What James Michael McAdoo needs to improve the most in his game is his pace. As soon as the ball is in his hands, he seemed determined to score no matter what.
I believe a big reason for that mentality was his lack of a post game. When playing strictly a face-up game, as McAdoo did last season, speed is paramount. He had to get to the bucket as quickly as possible to shake off the defenders.
Unfortunately, McAdoo was facing double-teams on the regular, and by the time he got to the basket, there was usually a third defender rolling off the seldom-used Tar Heel centers.
This led to some wild, unbalanced shots in heavy traffic that, at times, looked awful.
That was the main reason for his poor shooting last season. He only shot 44.5 percent from the floor, which is well below par for a post player. He also led the team with 2.7 turnovers per game.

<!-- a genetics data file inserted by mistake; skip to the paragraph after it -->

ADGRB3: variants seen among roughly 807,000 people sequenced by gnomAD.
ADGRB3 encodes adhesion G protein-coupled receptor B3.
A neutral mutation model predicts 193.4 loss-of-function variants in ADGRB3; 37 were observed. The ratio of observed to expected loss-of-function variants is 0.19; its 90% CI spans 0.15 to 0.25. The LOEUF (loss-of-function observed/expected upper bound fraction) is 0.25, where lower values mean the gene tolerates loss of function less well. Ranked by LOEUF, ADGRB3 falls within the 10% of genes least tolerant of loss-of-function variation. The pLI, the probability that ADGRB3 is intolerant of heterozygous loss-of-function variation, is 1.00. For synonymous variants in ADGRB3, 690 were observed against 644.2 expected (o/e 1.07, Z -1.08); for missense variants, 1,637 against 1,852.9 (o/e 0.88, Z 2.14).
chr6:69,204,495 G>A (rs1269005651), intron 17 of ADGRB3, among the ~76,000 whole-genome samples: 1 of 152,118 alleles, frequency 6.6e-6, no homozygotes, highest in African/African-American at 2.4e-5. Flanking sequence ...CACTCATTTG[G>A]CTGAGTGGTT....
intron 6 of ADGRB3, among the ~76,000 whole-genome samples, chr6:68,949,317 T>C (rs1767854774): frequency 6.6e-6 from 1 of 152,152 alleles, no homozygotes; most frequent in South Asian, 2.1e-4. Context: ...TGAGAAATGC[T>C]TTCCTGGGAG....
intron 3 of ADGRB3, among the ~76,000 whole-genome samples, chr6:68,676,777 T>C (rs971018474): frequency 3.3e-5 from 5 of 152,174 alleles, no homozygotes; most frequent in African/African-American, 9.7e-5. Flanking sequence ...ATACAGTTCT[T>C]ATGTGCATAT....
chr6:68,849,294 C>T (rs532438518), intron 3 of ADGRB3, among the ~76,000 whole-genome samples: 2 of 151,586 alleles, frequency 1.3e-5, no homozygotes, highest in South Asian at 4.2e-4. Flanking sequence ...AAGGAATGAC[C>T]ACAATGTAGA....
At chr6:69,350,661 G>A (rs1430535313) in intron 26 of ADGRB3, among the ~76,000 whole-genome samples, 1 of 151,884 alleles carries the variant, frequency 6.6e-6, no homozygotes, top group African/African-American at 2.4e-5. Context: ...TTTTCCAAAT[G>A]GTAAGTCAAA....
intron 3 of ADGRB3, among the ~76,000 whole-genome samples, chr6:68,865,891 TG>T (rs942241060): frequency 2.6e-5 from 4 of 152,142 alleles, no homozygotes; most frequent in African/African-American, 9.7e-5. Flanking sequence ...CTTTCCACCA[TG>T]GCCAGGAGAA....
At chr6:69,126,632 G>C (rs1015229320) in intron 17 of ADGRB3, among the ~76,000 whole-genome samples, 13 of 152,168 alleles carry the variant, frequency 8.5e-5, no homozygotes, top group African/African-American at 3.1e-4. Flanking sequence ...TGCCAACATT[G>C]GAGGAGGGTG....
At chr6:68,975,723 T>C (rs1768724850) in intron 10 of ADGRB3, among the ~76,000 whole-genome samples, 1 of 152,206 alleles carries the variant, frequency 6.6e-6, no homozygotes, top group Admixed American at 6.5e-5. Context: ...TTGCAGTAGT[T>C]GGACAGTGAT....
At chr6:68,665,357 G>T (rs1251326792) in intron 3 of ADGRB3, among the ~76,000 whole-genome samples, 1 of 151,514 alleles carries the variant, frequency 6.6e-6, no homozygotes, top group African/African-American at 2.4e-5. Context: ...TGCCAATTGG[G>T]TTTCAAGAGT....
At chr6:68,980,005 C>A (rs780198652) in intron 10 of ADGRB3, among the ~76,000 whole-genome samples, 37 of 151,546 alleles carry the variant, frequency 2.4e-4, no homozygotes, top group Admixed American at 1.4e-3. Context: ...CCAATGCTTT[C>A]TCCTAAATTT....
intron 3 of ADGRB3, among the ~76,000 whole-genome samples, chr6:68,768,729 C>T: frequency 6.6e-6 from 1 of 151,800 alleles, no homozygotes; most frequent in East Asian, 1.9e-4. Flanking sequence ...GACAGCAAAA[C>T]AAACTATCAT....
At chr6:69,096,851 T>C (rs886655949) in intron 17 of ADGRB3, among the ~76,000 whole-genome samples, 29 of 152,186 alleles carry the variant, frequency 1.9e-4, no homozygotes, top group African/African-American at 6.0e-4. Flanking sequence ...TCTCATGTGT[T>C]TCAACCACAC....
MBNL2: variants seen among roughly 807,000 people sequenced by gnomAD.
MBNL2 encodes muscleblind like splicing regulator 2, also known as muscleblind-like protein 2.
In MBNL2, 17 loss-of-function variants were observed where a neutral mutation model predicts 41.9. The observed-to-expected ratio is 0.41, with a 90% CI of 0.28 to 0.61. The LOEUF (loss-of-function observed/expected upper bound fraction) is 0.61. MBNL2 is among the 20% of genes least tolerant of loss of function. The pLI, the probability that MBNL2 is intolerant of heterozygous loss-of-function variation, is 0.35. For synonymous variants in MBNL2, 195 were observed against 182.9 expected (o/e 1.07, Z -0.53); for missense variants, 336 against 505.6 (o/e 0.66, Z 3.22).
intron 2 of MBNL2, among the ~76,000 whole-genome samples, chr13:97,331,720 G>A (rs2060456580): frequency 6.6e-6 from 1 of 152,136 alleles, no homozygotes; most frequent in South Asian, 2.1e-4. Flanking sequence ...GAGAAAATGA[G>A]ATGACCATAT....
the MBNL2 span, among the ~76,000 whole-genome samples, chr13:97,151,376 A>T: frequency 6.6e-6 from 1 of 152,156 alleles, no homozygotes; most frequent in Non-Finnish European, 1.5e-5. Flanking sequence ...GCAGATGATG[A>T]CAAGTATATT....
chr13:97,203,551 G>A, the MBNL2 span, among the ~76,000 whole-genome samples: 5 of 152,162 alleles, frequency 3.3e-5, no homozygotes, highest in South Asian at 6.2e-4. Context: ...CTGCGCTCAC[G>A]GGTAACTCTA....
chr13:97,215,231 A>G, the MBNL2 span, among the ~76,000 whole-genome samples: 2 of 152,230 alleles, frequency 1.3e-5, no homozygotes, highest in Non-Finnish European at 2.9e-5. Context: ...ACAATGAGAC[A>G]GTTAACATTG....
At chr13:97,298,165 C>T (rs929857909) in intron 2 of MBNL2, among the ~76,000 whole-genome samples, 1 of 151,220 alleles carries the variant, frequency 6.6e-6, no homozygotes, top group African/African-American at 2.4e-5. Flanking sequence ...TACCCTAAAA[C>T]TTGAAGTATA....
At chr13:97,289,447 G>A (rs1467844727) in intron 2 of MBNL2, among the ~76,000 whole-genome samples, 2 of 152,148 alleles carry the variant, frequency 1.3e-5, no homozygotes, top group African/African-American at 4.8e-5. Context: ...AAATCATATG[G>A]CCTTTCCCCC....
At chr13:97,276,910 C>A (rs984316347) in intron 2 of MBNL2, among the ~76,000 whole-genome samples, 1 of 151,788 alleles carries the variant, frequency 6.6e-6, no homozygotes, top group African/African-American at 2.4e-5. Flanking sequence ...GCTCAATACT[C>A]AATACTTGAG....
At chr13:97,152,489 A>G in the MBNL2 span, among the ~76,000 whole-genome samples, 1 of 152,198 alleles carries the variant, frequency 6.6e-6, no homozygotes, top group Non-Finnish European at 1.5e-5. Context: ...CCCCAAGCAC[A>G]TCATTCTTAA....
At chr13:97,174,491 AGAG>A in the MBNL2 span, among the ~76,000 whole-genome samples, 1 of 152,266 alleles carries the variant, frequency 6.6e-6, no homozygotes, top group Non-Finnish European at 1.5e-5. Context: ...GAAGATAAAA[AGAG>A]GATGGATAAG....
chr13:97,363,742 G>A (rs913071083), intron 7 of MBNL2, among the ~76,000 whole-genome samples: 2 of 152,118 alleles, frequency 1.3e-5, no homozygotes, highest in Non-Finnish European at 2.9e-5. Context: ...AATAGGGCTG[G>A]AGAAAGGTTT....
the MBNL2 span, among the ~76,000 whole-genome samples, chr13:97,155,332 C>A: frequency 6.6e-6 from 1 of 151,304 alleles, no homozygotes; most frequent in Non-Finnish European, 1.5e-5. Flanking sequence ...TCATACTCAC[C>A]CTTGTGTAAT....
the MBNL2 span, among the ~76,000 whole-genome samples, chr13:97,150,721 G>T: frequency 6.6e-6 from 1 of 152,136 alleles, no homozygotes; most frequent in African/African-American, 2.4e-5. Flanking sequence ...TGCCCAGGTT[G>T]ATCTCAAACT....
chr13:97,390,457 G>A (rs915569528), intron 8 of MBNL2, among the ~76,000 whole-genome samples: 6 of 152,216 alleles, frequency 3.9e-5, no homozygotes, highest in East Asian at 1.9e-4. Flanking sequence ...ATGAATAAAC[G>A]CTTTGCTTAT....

If he managed to bury 50 percent of his shots, McAdoo would have averaged 17.9 points per game instead of 14.4. That's a pretty big jump.
McAdoo will have to develop a back-to-the-basket game to prevent his out-of-control pace. Backing down defenders gives the post time to assess the situation and capitalize on defensive miscues. Not only would he become a more efficient scorer, but he would also be more aware of his open teammates on the perimeter.
When a player is double- and triple-teamed as he was last season, it's pretty safe to say there were some open teammates he could have dished the rock to. Kick-outs are what makes Roy Williams' dual-post system thrive.
McAdoo only averaged 1.1 assists per game last season.
If he develops a strong post game this offseason, you can expect his field-goal percentage and assists to rise while his turnovers should be reduced.